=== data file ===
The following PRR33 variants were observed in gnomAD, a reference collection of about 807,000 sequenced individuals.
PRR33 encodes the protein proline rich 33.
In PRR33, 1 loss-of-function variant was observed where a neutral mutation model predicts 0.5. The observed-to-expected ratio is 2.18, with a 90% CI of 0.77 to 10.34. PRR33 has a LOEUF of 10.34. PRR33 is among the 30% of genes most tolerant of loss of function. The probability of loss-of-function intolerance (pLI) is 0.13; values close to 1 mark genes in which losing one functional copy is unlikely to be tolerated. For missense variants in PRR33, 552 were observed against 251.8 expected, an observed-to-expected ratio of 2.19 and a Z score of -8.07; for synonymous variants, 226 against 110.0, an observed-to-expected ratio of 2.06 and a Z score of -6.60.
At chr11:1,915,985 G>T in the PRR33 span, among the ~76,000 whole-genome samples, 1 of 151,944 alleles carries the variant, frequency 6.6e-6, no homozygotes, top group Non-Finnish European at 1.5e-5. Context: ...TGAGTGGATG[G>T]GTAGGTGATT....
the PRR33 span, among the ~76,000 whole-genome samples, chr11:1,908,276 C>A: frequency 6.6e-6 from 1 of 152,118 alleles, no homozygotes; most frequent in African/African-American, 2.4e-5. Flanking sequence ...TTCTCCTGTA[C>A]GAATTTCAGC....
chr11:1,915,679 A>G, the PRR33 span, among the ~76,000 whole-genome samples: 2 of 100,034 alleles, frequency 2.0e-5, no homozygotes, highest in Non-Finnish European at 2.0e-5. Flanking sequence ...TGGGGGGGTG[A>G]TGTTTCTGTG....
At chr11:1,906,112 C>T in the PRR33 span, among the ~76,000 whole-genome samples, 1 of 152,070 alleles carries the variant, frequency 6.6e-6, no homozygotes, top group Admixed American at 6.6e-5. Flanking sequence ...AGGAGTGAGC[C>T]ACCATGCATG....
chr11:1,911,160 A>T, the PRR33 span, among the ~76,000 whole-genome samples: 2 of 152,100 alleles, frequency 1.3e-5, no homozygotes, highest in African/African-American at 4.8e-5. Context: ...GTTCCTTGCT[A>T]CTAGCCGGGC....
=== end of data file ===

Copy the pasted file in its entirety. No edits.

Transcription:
The following PRR33 variants were observed in gnomAD, a reference collection of about 807,000 sequenced individuals.
PRR33 encodes the protein proline rich 33.
In PRR33, 1 loss-of-function variant was observed where a neutral mutation model predicts 0.5. The observed-to-expected ratio is 2.18, with a 90% CI of 0.77 to 10.34. PRR33 has a LOEUF of 10.34. PRR33 is among the 30% of genes most tolerant of loss of function. The probability of loss-of-function intolerance (pLI) is 0.13; values close to 1 mark genes in which losing one functional copy is unlikely to be tolerated. For missense variants in PRR33, 552 were observed against 251.8 expected, an observed-to-expected ratio of 2.19 and a Z score of -8.07; for synonymous variants, 226 against 110.0, an observed-to-expected ratio of 2.06 and a Z score of -6.60.
At chr11:1,915,985 G>T in the PRR33 span, among the ~76,000 whole-genome samples, 1 of 151,944 alleles carries the variant, frequency 6.6e-6, no homozygotes, top group Non-Finnish European at 1.5e-5. Context: ...TGAGTGGATG[G>T]GTAGGTGATT....
the PRR33 span, among the ~76,000 whole-genome samples, chr11:1,908,276 C>A: frequency 6.6e-6 from 1 of 152,118 alleles, no homozygotes; most frequent in African/African-American, 2.4e-5. Flanking sequence ...TTCTCCTGTA[C>A]GAATTTCAGC....
chr11:1,915,679 A>G, the PRR33 span, among the ~76,000 whole-genome samples: 2 of 100,034 alleles, frequency 2.0e-5, no homozygotes, highest in Non-Finnish European at 2.0e-5. Flanking sequence ...TGGGGGGGTG[A>G]TGTTTCTGTG....
At chr11:1,906,112 C>T in the PRR33 span, among the ~76,000 whole-genome samples, 1 of 152,070 alleles carries the variant, frequency 6.6e-6, no homozygotes, top group Admixed American at 6.6e-5. Flanking sequence ...AGGAGTGAGC[C>T]ACCATGCATG....
chr11:1,911,160 A>T, the PRR33 span, among the ~76,000 whole-genome samples: 2 of 152,100 alleles, frequency 1.3e-5, no homozygotes, highest in African/African-American at 4.8e-5. Context: ...GTTCCTTGCT[A>T]CTAGCCGGGC....